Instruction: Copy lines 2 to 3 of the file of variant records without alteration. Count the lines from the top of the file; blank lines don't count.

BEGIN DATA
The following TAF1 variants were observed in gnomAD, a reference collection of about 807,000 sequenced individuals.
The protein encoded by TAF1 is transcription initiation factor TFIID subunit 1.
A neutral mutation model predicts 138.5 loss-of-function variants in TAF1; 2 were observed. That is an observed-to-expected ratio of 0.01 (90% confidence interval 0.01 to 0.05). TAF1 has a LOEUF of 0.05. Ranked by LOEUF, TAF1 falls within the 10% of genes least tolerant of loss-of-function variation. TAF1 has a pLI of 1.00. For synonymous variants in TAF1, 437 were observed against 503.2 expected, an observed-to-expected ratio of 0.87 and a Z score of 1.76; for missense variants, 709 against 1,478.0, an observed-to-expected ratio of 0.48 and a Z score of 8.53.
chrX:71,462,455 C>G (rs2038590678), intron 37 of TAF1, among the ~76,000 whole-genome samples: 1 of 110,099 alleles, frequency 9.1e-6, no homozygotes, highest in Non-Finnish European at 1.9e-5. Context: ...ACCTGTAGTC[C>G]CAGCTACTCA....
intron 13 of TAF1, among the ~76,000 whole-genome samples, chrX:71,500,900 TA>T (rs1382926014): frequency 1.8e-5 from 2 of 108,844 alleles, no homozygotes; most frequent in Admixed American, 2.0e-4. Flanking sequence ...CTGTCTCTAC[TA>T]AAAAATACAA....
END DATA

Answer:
The protein encoded by TAF1 is transcription initiation factor TFIID subunit 1.
A neutral mutation model predicts 138.5 loss-of-function variants in TAF1; 2 were observed. That is an observed-to-expected ratio of 0.01 (90% confidence interval 0.01 to 0.05). TAF1 has a LOEUF of 0.05. Ranked by LOEUF, TAF1 falls within the 10% of genes least tolerant of loss-of-function variation. TAF1 has a pLI of 1.00. For synonymous variants in TAF1, 437 were observed against 503.2 expected, an observed-to-expected ratio of 0.87 and a Z score of 1.76; for missense variants, 709 against 1,478.0, an observed-to-expected ratio of 0.48 and a Z score of 8.53.